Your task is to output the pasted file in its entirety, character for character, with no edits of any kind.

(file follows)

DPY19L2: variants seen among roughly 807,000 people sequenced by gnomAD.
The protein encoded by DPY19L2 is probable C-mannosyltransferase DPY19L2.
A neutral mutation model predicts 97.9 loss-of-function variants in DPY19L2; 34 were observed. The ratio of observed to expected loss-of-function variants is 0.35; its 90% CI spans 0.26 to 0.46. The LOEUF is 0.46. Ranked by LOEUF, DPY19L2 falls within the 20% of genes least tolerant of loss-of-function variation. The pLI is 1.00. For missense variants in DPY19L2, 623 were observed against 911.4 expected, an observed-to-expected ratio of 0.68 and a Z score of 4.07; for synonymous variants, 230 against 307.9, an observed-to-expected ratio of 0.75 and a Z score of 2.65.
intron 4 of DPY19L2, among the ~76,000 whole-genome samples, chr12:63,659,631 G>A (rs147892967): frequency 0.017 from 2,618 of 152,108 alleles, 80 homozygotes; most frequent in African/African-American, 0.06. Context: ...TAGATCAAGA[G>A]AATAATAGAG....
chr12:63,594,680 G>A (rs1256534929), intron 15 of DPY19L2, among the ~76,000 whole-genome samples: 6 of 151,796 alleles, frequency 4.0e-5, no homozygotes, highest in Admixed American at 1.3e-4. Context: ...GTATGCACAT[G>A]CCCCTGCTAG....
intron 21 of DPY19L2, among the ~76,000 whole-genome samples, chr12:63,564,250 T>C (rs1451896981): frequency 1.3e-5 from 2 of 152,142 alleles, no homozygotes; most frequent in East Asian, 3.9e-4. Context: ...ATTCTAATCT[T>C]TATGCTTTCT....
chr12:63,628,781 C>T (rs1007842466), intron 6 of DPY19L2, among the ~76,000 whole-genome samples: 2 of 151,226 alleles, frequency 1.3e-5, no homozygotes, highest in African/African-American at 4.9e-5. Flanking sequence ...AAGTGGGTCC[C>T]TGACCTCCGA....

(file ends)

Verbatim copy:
DPY19L2: variants seen among roughly 807,000 people sequenced by gnomAD.
The protein encoded by DPY19L2 is probable C-mannosyltransferase DPY19L2.
A neutral mutation model predicts 97.9 loss-of-function variants in DPY19L2; 34 were observed. The ratio of observed to expected loss-of-function variants is 0.35; its 90% CI spans 0.26 to 0.46. The LOEUF is 0.46. Ranked by LOEUF, DPY19L2 falls within the 20% of genes least tolerant of loss-of-function variation. The pLI is 1.00. For missense variants in DPY19L2, 623 were observed against 911.4 expected, an observed-to-expected ratio of 0.68 and a Z score of 4.07; for synonymous variants, 230 against 307.9, an observed-to-expected ratio of 0.75 and a Z score of 2.65.
intron 4 of DPY19L2, among the ~76,000 whole-genome samples, chr12:63,659,631 G>A (rs147892967): frequency 0.017 from 2,618 of 152,108 alleles, 80 homozygotes; most frequent in African/African-American, 0.06. Context: ...TAGATCAAGA[G>A]AATAATAGAG....
chr12:63,594,680 G>A (rs1256534929), intron 15 of DPY19L2, among the ~76,000 whole-genome samples: 6 of 151,796 alleles, frequency 4.0e-5, no homozygotes, highest in Admixed American at 1.3e-4. Context: ...GTATGCACAT[G>A]CCCCTGCTAG....
intron 21 of DPY19L2, among the ~76,000 whole-genome samples, chr12:63,564,250 T>C (rs1451896981): frequency 1.3e-5 from 2 of 152,142 alleles, no homozygotes; most frequent in East Asian, 3.9e-4. Context: ...ATTCTAATCT[T>C]TATGCTTTCT....
chr12:63,628,781 C>T (rs1007842466), intron 6 of DPY19L2, among the ~76,000 whole-genome samples: 2 of 151,226 alleles, frequency 1.3e-5, no homozygotes, highest in African/African-American at 4.9e-5. Flanking sequence ...AAGTGGGTCC[C>T]TGACCTCCGA....